That is the mercy we have been granted in this meantime.  In being told to “keep awake,” not only does Jesus tell us that He will soon come again, but that He has also granted us the mercy of time.  We have been given the chance to conform our lives to God’s will, to love others as Christ loves us, and to do the things He would have us do.  As we live into and do those things, our salvation in Christ becomes even more meaningful.  Christian discipleship becomes a part of the very air we breathe.  And at the end, when Christ comes again, eternity in the Kingdom of God will be our reward.  “And God shall wipe away all tears from their eyes; and there shall be no more death, neither sorrow, nor crying, neither shall there be any more pain: for the former things are passed away.”[14] 

“Watch therefore: for ye know not what hour your Lord doth come.  Therefore be ye…ready, for in such an hour as ye think not the Son of Man cometh.”  Both a warning and a sign of God’s love and mercy for us all.  May we all be ready for that Great Day when Jesus comes again.  “Amen.  Come, Lord Jesus!”[15]

Our King and Savior draweth nigh: O come, let us adore Him!  Amen.

[1] Unless otherwise indicated, all Scripture quotations contained herein are from the Authorized (King James) Version.

[2] Pope Paul VI, “Approval of the Universal Norms on the Liturgical Year and the New General Roman Calendar (February 14, 1969), ¶39.

[3] Nicene Creed.

[4] John 20.24-29

[5] Matthew 24.14

[6] I John 3.2-3

[7] Andrew C. Mead, email message to friends, family members, and clergy associates, November 11, 2016.

[8] Psalm 96.13

[9] I Thessalonians 4.14-15

[10] Matthew 22.37, 39

[11] Romans 13.13-14

[12] Ephesians 6.11

[13] John 15.10-11

[14] Revelation 21.4

[15] Revelation 22.20 (New Revised Standard Version)

“The Summary of the Law” (July 10, 2016: Eighth Sunday after Pentecost–Proper 10C)

Posted in Sermons with tags , , , , , , , , , , , , , , , on July 10, 2016 by montgomerybrandt

This sermon was preached on Sunday, July 10, 2016 at both the 10:00am principal Eucharist and 6:00pm evening Eucharist at the Episcopal Church of the Ascension in Lafayette, Louisiana.

Collect: O Lord, mercifully receive the prayers of your people who call upon you, and grant that they may know and understand what things they ought to do, and also may have grace and power faithfully to accomplish them; through Jesus Christ our Lord, who lives and reigns with you and the Holy Spirit, one God, now and for ever.  Amen.

Readings: Amos 7.1-17; Psalm 82; Colossians 1.1-14; Luke 10.25-37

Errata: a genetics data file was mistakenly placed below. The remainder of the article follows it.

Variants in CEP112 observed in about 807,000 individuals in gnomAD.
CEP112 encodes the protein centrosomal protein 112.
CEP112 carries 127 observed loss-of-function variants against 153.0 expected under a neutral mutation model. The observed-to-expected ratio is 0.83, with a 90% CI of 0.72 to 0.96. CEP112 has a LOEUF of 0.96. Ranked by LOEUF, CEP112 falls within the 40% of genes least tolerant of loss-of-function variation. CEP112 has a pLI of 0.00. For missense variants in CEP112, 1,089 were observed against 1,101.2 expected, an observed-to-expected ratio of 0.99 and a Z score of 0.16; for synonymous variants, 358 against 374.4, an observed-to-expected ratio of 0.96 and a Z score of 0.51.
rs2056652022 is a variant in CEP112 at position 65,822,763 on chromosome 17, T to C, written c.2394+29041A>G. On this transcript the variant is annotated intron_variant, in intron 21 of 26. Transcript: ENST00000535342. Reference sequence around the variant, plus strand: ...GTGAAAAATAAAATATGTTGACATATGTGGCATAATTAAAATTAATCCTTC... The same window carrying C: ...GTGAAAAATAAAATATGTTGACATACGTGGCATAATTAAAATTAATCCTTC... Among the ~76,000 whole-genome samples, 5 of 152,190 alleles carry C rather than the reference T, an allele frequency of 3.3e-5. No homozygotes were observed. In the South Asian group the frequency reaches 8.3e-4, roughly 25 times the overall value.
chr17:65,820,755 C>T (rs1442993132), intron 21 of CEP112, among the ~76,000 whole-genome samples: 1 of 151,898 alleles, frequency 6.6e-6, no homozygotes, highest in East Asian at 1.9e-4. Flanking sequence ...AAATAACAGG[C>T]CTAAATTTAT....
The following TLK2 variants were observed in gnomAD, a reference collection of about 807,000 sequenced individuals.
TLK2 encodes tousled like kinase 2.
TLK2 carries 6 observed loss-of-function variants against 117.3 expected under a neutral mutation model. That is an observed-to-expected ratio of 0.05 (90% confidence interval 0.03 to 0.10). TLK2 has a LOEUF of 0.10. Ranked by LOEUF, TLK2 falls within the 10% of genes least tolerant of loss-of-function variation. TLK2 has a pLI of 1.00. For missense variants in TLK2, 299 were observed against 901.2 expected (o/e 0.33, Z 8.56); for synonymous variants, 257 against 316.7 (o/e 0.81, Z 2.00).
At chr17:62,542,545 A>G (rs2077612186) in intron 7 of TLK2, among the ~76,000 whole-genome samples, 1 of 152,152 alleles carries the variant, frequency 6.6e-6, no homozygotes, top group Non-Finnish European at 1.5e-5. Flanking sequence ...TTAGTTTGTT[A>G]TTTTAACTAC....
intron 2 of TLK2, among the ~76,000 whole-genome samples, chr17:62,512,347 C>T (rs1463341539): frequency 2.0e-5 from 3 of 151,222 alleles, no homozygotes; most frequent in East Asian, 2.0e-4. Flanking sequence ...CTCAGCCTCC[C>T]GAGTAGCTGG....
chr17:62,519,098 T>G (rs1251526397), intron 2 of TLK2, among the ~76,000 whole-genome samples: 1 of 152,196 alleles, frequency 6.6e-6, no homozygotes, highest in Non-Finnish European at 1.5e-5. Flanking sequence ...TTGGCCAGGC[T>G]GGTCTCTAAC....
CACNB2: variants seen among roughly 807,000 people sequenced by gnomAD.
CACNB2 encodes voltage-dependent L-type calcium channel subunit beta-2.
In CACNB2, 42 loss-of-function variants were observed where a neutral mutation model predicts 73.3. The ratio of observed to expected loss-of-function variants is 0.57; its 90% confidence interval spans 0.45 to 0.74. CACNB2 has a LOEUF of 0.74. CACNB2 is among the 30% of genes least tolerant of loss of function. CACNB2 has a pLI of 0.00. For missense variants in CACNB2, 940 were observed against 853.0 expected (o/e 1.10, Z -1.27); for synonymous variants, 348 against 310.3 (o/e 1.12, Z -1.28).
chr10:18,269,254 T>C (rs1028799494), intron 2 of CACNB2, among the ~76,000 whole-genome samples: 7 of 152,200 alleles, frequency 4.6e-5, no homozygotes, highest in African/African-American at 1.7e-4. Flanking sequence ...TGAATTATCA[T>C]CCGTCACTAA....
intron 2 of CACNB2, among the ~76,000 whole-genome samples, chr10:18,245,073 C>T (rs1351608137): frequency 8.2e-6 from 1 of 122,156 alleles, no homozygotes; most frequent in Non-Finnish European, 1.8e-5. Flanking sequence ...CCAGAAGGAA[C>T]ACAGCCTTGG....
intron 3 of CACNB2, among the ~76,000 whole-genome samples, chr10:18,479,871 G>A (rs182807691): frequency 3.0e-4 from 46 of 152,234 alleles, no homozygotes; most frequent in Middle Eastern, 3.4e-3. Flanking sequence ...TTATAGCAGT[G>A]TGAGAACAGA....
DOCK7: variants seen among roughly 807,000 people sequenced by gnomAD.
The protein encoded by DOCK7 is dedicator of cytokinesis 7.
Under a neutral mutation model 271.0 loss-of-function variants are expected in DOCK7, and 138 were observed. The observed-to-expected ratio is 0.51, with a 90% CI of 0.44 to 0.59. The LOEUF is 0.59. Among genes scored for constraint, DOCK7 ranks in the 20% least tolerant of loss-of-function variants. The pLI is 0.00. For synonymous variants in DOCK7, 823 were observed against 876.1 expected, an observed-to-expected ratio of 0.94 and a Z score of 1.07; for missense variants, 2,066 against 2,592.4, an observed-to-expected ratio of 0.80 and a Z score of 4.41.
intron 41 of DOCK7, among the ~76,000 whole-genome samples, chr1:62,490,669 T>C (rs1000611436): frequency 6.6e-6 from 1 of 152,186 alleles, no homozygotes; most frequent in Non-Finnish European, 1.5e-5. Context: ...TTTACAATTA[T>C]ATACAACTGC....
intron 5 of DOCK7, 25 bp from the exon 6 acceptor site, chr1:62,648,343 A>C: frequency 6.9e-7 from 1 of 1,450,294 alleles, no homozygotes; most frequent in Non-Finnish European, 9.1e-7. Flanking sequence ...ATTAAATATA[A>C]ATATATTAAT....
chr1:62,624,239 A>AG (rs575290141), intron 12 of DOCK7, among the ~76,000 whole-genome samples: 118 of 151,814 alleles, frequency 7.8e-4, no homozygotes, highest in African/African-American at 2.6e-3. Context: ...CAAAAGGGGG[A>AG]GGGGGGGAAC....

“Who is my neighbor?”—Luke 10.29[1]

In the Name of God the Father, God the Son, and God the Holy Ghost.  Amen.

I would like to begin this morning’s sermon with a particular point of humility, for I will be doing something that goes against a personal preaching standard: I will be incorporating civil affairs into a sermon.  With recent events that have been happening in our country, specifically the shooting deaths of Philando Castille in Minneapolis, Alton Sterling just across the Atchafalaya in Baton Rouge, and Dallas police officers Brent Thompson, Michael Krol, Patrick Zamarripa, Michael Smith, and Lorne Ahrens and the wounding of seven others,[2] I felt the times warranting a rare breaking of my own rule.  And I would not be doing so if I did not feel the Gospel having something to say to us regarding these recent happenings.  So I approach the pulpit this morning with a degree of nervousness higher than I normally have and great emotional vulnerability.  But I do so with one chief aim: to proclaim the Gospel and “woe to me if I do not preach the Gospel!”[3]  May I be a conduit for what the Holy Spirit is saying to us this morning.

I begin with humility as a testament for our need to be honest, about where we are emotionally, what is affecting us, and how we are in need of help.  “Our help is in the Name of the LORD, the Maker of Heaven and Earth.”[4]  God’s help comes to us in the Person of Jesus, who does for us more than we could ever do for ourselves, more than we could ever ask or imagine.[5]  Today’s Gospel, the Parable of the Good Samaritan, not only tells us how we should treat others, but also a story about Jesus and of His love for all of us.  His is a love that has the power to transform hearts and minds; it is a love that is very much needed in times like these.

A lawyer confronts Jesus with a test: “Teacher, what must I do to inherit eternal life?”  He, of course, already knows the answer to his own question: “You shall the love the Lord, your God, with all your heart, with all your being, with all your strength, and with all your mind, and your neighbor as yourself.”  It is the summary of all the law.  “Do this,” Jesus says, “and you will live.”